And part of that is making a call to say that I made a mistake, and that I want to give it away so I never have to think about it again.

I was raised Catholic. So I used to go to confession. And I always thought it was a punitive measure. I thought it was about humiliation and shame. I thought it was about having to be judged by God and God’s agent in the human realm.


But now I can see how telling the truth about things, mistakes and missteps and falters and failures, is freedom. It’s a lightness that I never felt telling a priest I had lied, which I had to tell a lot of priests because I told a lot of lies.


I understand that for many people, there is no need to turn over 1/4 oz of broccoli. Hell, most people aren’t even weighing their food to know! But that meticulousness and honesty are the foundation for me to have an honest relationship with food. One where I am not ignorant of what or how much I am eating, or ashamed of what I have eaten, or embarrassed to make an honest mistake. One where I can say I was wrong, and still feel quite alright.

Fat Bitch Running

On my jog the other day, a guy, a stranger, rolled down the window of his car, and took a turn way too fast and hard, to take the opportunity to yell at me that I was a “fat bitch.”


When I was 19, I weighed 300 pounds. So if you think this is the first time I have been called a fat bitch, you would be mistaken, and frankly, grotesquely naive.


I mention all the time in this blog that I am not particularly thin. I often call myself chubby. And I have had people tell me they do not think this is true.


But one of the biggest problems and questions I deal with when I think about fatness, is who is using the word fat, and how are they using it? Because I am not using it as an insult. Merely an adjective. But many people use it as an insult. And it doesn’t even have to be “true” for them to use it and for it to hit home.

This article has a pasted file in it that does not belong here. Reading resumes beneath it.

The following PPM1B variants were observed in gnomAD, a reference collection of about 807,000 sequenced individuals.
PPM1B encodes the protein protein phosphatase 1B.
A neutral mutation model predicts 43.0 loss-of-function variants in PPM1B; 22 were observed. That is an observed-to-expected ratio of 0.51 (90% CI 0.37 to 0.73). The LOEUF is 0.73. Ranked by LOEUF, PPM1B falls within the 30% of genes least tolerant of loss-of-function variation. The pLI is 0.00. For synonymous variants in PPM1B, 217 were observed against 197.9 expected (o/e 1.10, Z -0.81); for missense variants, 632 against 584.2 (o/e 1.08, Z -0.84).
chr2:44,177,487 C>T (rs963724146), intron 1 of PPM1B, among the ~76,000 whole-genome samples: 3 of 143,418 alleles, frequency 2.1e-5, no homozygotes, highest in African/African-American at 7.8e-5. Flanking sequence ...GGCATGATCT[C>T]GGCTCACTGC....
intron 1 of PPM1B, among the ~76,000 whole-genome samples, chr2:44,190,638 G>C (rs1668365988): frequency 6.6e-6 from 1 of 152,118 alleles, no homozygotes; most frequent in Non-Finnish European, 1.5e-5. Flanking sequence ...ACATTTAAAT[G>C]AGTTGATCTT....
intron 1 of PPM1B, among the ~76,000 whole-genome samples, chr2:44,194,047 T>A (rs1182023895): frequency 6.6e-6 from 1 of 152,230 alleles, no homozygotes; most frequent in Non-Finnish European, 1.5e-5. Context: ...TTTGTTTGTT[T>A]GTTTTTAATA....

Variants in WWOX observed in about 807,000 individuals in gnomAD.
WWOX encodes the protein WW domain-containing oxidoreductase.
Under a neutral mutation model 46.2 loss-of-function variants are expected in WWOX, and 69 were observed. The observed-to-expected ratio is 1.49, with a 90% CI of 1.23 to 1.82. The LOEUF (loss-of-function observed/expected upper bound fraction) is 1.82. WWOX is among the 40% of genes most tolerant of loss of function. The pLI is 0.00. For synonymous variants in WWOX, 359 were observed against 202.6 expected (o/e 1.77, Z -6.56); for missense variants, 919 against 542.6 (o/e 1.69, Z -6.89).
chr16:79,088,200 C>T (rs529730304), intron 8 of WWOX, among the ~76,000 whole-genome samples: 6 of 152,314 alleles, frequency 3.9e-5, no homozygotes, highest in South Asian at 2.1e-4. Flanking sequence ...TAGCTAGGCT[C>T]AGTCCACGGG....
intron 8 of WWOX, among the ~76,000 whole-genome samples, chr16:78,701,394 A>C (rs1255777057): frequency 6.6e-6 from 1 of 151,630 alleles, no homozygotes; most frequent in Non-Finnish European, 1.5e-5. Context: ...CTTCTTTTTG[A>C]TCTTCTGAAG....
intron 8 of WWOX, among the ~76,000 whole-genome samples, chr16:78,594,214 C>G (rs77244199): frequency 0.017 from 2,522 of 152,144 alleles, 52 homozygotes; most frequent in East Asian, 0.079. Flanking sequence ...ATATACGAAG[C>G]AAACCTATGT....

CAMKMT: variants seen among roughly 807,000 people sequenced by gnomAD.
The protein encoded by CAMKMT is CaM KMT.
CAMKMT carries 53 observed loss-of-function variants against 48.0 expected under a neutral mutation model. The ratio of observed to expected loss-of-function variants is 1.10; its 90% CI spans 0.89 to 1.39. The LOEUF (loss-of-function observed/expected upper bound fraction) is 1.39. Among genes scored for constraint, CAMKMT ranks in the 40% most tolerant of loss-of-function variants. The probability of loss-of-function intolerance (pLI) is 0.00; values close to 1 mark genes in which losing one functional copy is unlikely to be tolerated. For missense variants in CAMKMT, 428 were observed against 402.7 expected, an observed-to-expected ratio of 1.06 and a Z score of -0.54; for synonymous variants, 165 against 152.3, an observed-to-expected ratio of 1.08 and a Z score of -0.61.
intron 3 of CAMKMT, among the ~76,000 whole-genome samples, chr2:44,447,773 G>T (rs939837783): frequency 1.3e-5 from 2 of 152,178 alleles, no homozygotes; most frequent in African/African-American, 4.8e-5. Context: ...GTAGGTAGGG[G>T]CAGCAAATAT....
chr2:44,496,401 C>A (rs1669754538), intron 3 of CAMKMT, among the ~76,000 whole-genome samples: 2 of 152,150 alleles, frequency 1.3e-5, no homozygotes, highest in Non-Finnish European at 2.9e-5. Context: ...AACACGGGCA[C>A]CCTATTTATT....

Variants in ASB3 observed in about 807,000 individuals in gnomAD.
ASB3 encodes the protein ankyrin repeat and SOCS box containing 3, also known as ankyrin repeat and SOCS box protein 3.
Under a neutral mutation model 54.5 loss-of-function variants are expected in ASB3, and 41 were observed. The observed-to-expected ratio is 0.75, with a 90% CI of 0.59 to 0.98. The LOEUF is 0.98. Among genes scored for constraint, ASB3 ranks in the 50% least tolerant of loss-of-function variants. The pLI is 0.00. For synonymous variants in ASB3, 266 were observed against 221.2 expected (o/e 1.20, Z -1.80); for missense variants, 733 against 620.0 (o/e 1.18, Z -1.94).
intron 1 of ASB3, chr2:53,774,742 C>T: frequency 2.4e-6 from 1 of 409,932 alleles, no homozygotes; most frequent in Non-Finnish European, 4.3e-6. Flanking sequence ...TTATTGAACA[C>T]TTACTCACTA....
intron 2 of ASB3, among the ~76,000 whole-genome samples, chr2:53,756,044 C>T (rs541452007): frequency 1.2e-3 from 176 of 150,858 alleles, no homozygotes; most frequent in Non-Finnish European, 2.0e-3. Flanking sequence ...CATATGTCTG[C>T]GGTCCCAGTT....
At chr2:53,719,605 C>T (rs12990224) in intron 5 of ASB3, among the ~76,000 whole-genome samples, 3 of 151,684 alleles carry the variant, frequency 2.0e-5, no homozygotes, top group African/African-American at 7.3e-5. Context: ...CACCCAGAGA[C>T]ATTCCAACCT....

So if I tell someone I’m chubby, and they say “you’re not!” I am not clear if they hear chubby and think I am insulting myself, or if, from their perspective, I am not even chubby. Because fat women who describe themselves as fat are *often* told by friends and family and acquaintances that it’s not true. When it objectively is. But their friends see it as a jab, and want to assure their fat friends that they would never insult them.
The problem there is that the underlying idea is “fat is evil, but I love and respect you, so you can’t be fat.”


Friends, get over the idea that fat is bad. And stop telling your fat friends that they are “special fats.” That you don’t see them that way. They are not special. They are not different than other fat people. It is the connotations that you add to fatness that are the problem.


Trolls know that to be called fat in our fatphobic culture is devastating to most women. To women who have bought into the idea that thinness equals “goodness” and “morality” and “true womanhood,” to be called fat is to be called “lazy,” “shameful,” and “pathetic.” When a woman is committed to the idea of thinness as a virtue, what she hears when someone calls her fat, is that the one dishing out the word thinks she is unworthy of love and respect.